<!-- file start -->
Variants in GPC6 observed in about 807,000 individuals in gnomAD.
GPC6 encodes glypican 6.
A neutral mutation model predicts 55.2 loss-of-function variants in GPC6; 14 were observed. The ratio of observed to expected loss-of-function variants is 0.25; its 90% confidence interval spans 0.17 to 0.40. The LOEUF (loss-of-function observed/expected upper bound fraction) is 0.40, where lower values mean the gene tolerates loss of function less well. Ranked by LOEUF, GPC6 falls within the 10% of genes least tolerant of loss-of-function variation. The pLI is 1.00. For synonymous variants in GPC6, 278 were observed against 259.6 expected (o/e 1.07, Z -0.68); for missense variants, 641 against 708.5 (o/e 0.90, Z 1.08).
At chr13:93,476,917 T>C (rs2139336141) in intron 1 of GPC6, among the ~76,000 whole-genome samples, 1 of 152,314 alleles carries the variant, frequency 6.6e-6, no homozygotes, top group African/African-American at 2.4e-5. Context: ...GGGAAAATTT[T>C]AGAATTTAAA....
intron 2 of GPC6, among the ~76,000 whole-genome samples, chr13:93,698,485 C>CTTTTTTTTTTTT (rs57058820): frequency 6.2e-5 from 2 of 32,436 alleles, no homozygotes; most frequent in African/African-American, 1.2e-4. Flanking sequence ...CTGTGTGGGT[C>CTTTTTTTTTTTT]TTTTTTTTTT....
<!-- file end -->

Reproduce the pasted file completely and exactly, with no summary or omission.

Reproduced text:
Variants in GPC6 observed in about 807,000 individuals in gnomAD.
GPC6 encodes glypican 6.
A neutral mutation model predicts 55.2 loss-of-function variants in GPC6; 14 were observed. The ratio of observed to expected loss-of-function variants is 0.25; its 90% confidence interval spans 0.17 to 0.40. The LOEUF (loss-of-function observed/expected upper bound fraction) is 0.40, where lower values mean the gene tolerates loss of function less well. Ranked by LOEUF, GPC6 falls within the 10% of genes least tolerant of loss-of-function variation. The pLI is 1.00. For synonymous variants in GPC6, 278 were observed against 259.6 expected (o/e 1.07, Z -0.68); for missense variants, 641 against 708.5 (o/e 0.90, Z 1.08).
At chr13:93,476,917 T>C (rs2139336141) in intron 1 of GPC6, among the ~76,000 whole-genome samples, 1 of 152,314 alleles carries the variant, frequency 6.6e-6, no homozygotes, top group African/African-American at 2.4e-5. Context: ...GGGAAAATTT[T>C]AGAATTTAAA....
intron 2 of GPC6, among the ~76,000 whole-genome samples, chr13:93,698,485 C>CTTTTTTTTTTTT (rs57058820): frequency 6.2e-5 from 2 of 32,436 alleles, no homozygotes; most frequent in African/African-American, 1.2e-4. Flanking sequence ...CTGTGTGGGT[C>CTTTTTTTTTTTT]TTTTTTTTTT....